Still, the city kept basing more studies on that model, claiming this was a great idea, until finally, last year somebody told the truth. Another news publication reported an interview with a high-ranking City staffer who said, that there might be a day when the city can stop using state water, but that day isn’t here, and that the city only plans to do injection 3 or 4 days a month to retard seawater intrusion into the aquifer. The rest of the treated water gets dumped into the ocean. Oops!


2. The project will do things it’s not supposed to do.

a. When that 3-mile pipeline breaks during an earthquake, there will be no way for the sewage to get to the new plant. Where does it go then? The city claims that a broken pipeline won’t be a problem because there will be a leak detection system. Seriously? Oops

b. That new plant is on some incredibly unstable land that is going to shake like crazy in a quake. There’s a link to a particularly damning report in Ms. Hawley’s last article. That report, describes in great detail just how bad it is. What happens when the new plant can’t function due to an earthquake and/or more landslides? With unstable land like that, it shouldn’t take a very big shaker. Then, there’s the damage to the Estuary. Oops!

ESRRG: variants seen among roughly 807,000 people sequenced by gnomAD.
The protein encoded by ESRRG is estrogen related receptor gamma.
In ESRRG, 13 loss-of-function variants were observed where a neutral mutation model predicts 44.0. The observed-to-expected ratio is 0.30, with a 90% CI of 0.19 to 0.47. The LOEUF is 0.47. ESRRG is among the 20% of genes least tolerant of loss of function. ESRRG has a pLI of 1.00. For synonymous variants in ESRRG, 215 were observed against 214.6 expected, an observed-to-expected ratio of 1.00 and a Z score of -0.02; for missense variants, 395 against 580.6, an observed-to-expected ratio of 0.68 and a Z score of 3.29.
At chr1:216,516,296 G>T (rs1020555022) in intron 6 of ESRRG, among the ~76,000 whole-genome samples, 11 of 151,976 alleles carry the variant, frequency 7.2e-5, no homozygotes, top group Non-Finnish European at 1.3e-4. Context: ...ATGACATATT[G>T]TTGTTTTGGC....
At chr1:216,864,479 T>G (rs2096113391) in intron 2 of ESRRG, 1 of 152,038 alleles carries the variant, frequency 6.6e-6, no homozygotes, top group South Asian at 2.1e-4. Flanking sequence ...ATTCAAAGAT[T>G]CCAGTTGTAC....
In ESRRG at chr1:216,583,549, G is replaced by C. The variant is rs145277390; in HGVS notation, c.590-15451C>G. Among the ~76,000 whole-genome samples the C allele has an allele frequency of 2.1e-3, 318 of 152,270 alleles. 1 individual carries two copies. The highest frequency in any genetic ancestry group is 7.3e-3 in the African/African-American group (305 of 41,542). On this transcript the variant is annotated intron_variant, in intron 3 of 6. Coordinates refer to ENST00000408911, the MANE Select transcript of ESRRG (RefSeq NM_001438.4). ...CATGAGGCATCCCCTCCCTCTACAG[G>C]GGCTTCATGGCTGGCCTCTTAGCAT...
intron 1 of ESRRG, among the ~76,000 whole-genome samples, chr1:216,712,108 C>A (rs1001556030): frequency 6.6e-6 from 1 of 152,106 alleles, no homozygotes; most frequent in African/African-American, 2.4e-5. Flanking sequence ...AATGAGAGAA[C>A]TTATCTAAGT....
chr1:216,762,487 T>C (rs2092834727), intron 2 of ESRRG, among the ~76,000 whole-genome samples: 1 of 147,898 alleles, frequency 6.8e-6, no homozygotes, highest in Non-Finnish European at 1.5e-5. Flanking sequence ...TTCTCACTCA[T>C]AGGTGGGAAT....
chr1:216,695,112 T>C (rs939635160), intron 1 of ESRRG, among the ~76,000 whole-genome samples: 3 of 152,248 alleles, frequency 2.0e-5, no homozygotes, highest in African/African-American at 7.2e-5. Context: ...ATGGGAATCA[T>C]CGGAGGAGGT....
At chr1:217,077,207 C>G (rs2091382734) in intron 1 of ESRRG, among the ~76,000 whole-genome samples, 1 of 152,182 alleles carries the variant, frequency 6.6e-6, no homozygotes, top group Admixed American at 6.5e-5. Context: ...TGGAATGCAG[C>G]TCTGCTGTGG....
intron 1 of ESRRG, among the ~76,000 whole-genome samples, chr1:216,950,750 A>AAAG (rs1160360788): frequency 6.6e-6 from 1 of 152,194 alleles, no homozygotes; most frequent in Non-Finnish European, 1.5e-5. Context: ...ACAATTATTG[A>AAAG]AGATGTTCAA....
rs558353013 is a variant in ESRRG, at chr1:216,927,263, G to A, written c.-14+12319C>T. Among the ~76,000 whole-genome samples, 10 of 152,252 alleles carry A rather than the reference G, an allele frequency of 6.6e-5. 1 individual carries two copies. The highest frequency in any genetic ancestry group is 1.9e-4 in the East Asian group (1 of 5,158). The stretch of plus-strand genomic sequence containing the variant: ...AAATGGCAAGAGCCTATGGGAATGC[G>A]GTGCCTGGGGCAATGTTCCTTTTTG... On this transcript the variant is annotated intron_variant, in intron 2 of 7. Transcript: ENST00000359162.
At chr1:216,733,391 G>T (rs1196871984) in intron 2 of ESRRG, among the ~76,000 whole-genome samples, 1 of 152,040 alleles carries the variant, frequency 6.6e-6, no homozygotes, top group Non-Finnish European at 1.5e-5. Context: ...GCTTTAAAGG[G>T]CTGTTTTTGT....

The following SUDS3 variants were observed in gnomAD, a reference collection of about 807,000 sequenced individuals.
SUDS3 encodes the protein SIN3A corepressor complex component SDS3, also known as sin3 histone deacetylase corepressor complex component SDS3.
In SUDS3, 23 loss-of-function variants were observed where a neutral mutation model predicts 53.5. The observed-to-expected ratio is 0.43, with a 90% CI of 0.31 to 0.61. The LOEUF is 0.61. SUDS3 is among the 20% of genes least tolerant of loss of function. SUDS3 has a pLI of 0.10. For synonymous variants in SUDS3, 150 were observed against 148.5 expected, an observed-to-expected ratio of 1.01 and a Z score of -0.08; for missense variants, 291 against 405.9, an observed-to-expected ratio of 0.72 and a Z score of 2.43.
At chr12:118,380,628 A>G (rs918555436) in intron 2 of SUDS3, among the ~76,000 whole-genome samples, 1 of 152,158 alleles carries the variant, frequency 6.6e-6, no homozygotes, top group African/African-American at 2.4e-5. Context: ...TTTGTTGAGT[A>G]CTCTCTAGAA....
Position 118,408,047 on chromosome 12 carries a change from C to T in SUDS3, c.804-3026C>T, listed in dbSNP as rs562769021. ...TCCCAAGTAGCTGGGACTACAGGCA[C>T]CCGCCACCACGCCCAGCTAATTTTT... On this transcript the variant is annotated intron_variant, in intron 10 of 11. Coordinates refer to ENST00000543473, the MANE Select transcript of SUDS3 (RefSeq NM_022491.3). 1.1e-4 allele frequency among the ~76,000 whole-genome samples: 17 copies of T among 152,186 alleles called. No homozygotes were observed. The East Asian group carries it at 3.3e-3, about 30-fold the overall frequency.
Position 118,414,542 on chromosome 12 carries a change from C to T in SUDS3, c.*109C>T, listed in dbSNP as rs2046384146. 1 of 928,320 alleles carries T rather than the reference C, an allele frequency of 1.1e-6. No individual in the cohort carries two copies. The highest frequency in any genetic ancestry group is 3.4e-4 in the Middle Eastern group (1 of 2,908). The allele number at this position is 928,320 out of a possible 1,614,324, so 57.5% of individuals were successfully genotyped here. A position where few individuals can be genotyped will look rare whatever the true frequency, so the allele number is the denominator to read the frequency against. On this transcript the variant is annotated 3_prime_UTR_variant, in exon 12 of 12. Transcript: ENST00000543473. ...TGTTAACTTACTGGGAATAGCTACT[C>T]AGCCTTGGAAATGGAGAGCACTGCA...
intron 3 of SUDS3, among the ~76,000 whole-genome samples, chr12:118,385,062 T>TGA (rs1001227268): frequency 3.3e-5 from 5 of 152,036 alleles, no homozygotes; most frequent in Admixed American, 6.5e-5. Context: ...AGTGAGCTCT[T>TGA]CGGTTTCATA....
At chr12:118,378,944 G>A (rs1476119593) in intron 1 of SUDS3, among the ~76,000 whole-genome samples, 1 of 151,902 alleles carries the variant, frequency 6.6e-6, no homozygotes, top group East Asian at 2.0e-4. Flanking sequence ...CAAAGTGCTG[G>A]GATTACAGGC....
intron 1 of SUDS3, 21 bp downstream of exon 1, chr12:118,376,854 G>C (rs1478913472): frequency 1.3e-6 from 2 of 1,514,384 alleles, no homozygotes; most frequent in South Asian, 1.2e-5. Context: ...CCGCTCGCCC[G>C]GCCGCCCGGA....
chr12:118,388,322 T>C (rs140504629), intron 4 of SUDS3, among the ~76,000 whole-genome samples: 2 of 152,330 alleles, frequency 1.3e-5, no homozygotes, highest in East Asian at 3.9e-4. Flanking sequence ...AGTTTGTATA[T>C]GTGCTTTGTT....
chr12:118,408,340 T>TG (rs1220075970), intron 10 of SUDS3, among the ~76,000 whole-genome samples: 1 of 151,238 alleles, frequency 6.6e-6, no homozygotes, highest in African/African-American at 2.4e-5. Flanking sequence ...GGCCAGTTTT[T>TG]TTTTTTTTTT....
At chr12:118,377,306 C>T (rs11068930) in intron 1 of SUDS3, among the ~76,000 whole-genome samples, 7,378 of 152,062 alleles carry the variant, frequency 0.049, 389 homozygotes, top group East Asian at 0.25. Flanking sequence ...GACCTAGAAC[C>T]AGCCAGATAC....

At the risk of repeating myself, it’s an incredibly stupid design in an incredibly stupid location


derasmus

To lookout and others:


You point out all of the alleged malfeasance and bad decision making, etc…so what is it you are proposing, exactly? Please be specific and tell us how if you were handed unilateral authority what you would do to implement a solution that would, (1) be feasible from a design and engineering standpoint (2) be affordable, (3) and satisfy all of the regulatory agencies.


Again, at this point it is not enough to point fingers and “Monday morning quarterback” everything, what would you do to realistically fix the problem?


As for the myriad theories of kickbacks, follow the money, someone in office is getting rich off of this etc…if that is your point as well, please offer evidence of criminal wrongdoing. If that is not your issue then ignore it and focus on the fix.


lookout

What would I do to fix the problem if I had unilateral authority? I’d get rid of the people on the City Council who are obviously working for special interests and not the people of Morro Bay. I’d replace them with decent, honest, intelligent people.


That would be all I’d need to do. They’d take it from there, and start actually looking out for the people of Morro Bay – what a concept.